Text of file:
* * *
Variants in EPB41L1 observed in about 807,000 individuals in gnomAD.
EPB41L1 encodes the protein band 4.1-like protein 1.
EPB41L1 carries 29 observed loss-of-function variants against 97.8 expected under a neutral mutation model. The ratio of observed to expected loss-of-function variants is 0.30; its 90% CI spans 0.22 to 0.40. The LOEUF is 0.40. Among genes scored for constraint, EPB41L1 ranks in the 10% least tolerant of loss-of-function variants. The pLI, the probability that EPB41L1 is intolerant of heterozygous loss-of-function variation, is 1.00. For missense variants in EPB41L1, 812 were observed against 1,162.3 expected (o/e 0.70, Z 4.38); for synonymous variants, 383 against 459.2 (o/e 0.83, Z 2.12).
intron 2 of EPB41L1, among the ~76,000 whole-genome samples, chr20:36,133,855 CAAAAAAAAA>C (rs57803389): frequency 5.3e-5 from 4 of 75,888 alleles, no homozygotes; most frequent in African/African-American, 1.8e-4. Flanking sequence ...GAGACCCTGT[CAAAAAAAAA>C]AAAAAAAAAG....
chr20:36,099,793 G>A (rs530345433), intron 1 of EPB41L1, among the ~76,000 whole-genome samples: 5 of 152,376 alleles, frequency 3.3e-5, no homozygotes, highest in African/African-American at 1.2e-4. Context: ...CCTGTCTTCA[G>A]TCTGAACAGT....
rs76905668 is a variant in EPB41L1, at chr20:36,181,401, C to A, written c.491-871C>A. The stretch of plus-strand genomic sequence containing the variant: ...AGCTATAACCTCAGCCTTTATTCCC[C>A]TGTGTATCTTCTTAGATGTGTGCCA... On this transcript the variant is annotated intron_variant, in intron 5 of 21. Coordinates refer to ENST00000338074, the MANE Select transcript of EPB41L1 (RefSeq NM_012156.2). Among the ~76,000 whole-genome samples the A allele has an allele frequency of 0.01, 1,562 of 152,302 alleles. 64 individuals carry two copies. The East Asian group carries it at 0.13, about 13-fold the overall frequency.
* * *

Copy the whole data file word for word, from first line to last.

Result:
Variants in EPB41L1 observed in about 807,000 individuals in gnomAD.
EPB41L1 encodes the protein band 4.1-like protein 1.
EPB41L1 carries 29 observed loss-of-function variants against 97.8 expected under a neutral mutation model. The ratio of observed to expected loss-of-function variants is 0.30; its 90% CI spans 0.22 to 0.40. The LOEUF is 0.40. Among genes scored for constraint, EPB41L1 ranks in the 10% least tolerant of loss-of-function variants. The pLI, the probability that EPB41L1 is intolerant of heterozygous loss-of-function variation, is 1.00. For missense variants in EPB41L1, 812 were observed against 1,162.3 expected (o/e 0.70, Z 4.38); for synonymous variants, 383 against 459.2 (o/e 0.83, Z 2.12).
intron 2 of EPB41L1, among the ~76,000 whole-genome samples, chr20:36,133,855 CAAAAAAAAA>C (rs57803389): frequency 5.3e-5 from 4 of 75,888 alleles, no homozygotes; most frequent in African/African-American, 1.8e-4. Flanking sequence ...GAGACCCTGT[CAAAAAAAAA>C]AAAAAAAAAG....
chr20:36,099,793 G>A (rs530345433), intron 1 of EPB41L1, among the ~76,000 whole-genome samples: 5 of 152,376 alleles, frequency 3.3e-5, no homozygotes, highest in African/African-American at 1.2e-4. Context: ...CCTGTCTTCA[G>A]TCTGAACAGT....
rs76905668 is a variant in EPB41L1, at chr20:36,181,401, C to A, written c.491-871C>A. The stretch of plus-strand genomic sequence containing the variant: ...AGCTATAACCTCAGCCTTTATTCCC[C>A]TGTGTATCTTCTTAGATGTGTGCCA... On this transcript the variant is annotated intron_variant, in intron 5 of 21. Coordinates refer to ENST00000338074, the MANE Select transcript of EPB41L1 (RefSeq NM_012156.2). Among the ~76,000 whole-genome samples the A allele has an allele frequency of 0.01, 1,562 of 152,302 alleles. 64 individuals carry two copies. The East Asian group carries it at 0.13, about 13-fold the overall frequency.